Practicing skills from a number of visual disciplines, with meticulous and painstaking focus, Myoshka works across an ever-more experimental range of media. Optical art and ancient symbolism are merged, through modern manufacturing processes and techniques.

Slide Born in 1978 to an English father and Singaporean mother, the mix of Eastern and Western cultures has a significant influence on his life and work.

Driven by balance and contrast, the artist re-appropriates symbols and sacred geometric shapes from religious contexts such Buddhism, Hinduism and Islam. For each element of Myoshka’s work, one finds its opposite closely integrated: he explores the interaction between negative and positive, the dialogue between light and dark and the tension between disruption and harmony. In every piece, Myoshka iteratively coerces the geometry of a particular motif: repeating, distorting, interlocking, until it blurs the transition from positive to negative. Even with careful analysis of the artist’s method, the patterns remain mesmerising, yielding a fresh experience with every encounter.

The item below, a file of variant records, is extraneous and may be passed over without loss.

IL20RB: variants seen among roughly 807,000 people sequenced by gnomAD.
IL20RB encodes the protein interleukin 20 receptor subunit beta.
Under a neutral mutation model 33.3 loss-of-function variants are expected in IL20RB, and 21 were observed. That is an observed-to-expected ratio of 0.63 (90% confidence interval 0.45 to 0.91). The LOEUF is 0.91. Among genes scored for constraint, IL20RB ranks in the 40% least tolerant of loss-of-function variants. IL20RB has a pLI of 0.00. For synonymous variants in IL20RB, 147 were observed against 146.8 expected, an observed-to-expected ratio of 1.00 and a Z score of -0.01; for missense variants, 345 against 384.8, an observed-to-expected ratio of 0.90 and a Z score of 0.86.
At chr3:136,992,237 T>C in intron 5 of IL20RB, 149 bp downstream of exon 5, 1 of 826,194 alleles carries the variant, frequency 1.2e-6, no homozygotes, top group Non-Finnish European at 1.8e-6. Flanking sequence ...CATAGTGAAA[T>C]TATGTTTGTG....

Practicing skills from a number of visual disciplines, with meticulous and painstaking focus, Myoshka works across an ever-more experimental range of media. Optical art and ancient symbolism are merged, through modern manufacturing processes and techniques.

Driven by balance and contrast, the artist re-appropriates symbols and sacred geometric shapes from religious contexts such Buddhism, Hinduism and Islam. For each element of Myoshka’s work, one finds its opposite closely integrated: he explores the interaction between negative and positive, the dialogue between light and dark and the tension between disruption and harmony. In every piece, Myoshka iteratively coerces the geometry of a particular motif: repeating, distorting, interlocking, until it blurs the transition from positive to negative. Even with careful analysis of the artist’s method, the patterns remain mesmerising, yielding a fresh experience with every encounter.

Slide “To truly live and die for art,
one must be reborn a
thousand times.”
- The War of Art Photography: P-Mod